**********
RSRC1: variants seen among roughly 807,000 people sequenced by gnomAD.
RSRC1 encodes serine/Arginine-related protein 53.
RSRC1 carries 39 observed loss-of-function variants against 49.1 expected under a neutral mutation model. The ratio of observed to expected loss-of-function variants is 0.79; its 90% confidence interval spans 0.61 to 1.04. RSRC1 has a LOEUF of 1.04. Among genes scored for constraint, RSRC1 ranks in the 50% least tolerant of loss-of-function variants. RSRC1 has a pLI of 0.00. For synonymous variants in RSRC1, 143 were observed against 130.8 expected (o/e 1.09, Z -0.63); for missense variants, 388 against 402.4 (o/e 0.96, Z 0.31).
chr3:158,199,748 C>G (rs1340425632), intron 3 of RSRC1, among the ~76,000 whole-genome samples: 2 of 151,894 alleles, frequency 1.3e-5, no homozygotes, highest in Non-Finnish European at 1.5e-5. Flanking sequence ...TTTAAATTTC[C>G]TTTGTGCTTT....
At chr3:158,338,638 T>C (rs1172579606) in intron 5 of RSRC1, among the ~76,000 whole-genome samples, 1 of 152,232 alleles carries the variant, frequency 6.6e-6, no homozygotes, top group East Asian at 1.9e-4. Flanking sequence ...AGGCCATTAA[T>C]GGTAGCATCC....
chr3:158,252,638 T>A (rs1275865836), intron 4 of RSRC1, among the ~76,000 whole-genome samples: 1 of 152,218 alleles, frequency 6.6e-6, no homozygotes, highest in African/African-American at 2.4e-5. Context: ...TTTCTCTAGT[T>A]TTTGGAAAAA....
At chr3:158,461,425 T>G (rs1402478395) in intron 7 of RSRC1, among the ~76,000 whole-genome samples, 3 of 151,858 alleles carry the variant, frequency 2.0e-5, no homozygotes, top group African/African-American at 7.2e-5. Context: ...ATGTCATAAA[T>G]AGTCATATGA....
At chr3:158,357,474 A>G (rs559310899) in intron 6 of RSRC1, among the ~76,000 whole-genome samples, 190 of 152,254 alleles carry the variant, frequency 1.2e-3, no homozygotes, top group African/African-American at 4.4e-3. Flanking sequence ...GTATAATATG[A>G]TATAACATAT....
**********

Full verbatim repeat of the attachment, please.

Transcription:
RSRC1: variants seen among roughly 807,000 people sequenced by gnomAD.
RSRC1 encodes serine/Arginine-related protein 53.
RSRC1 carries 39 observed loss-of-function variants against 49.1 expected under a neutral mutation model. The ratio of observed to expected loss-of-function variants is 0.79; its 90% confidence interval spans 0.61 to 1.04. RSRC1 has a LOEUF of 1.04. Among genes scored for constraint, RSRC1 ranks in the 50% least tolerant of loss-of-function variants. RSRC1 has a pLI of 0.00. For synonymous variants in RSRC1, 143 were observed against 130.8 expected (o/e 1.09, Z -0.63); for missense variants, 388 against 402.4 (o/e 0.96, Z 0.31).
chr3:158,199,748 C>G (rs1340425632), intron 3 of RSRC1, among the ~76,000 whole-genome samples: 2 of 151,894 alleles, frequency 1.3e-5, no homozygotes, highest in Non-Finnish European at 1.5e-5. Flanking sequence ...TTTAAATTTC[C>G]TTTGTGCTTT....
At chr3:158,338,638 T>C (rs1172579606) in intron 5 of RSRC1, among the ~76,000 whole-genome samples, 1 of 152,232 alleles carries the variant, frequency 6.6e-6, no homozygotes, top group East Asian at 1.9e-4. Flanking sequence ...AGGCCATTAA[T>C]GGTAGCATCC....
chr3:158,252,638 T>A (rs1275865836), intron 4 of RSRC1, among the ~76,000 whole-genome samples: 1 of 152,218 alleles, frequency 6.6e-6, no homozygotes, highest in African/African-American at 2.4e-5. Context: ...TTTCTCTAGT[T>A]TTTGGAAAAA....
At chr3:158,461,425 T>G (rs1402478395) in intron 7 of RSRC1, among the ~76,000 whole-genome samples, 3 of 151,858 alleles carry the variant, frequency 2.0e-5, no homozygotes, top group African/African-American at 7.2e-5. Context: ...ATGTCATAAA[T>G]AGTCATATGA....
At chr3:158,357,474 A>G (rs559310899) in intron 6 of RSRC1, among the ~76,000 whole-genome samples, 190 of 152,254 alleles carry the variant, frequency 1.2e-3, no homozygotes, top group African/African-American at 4.4e-3. Flanking sequence ...GTATAATATG[A>G]TATAACATAT....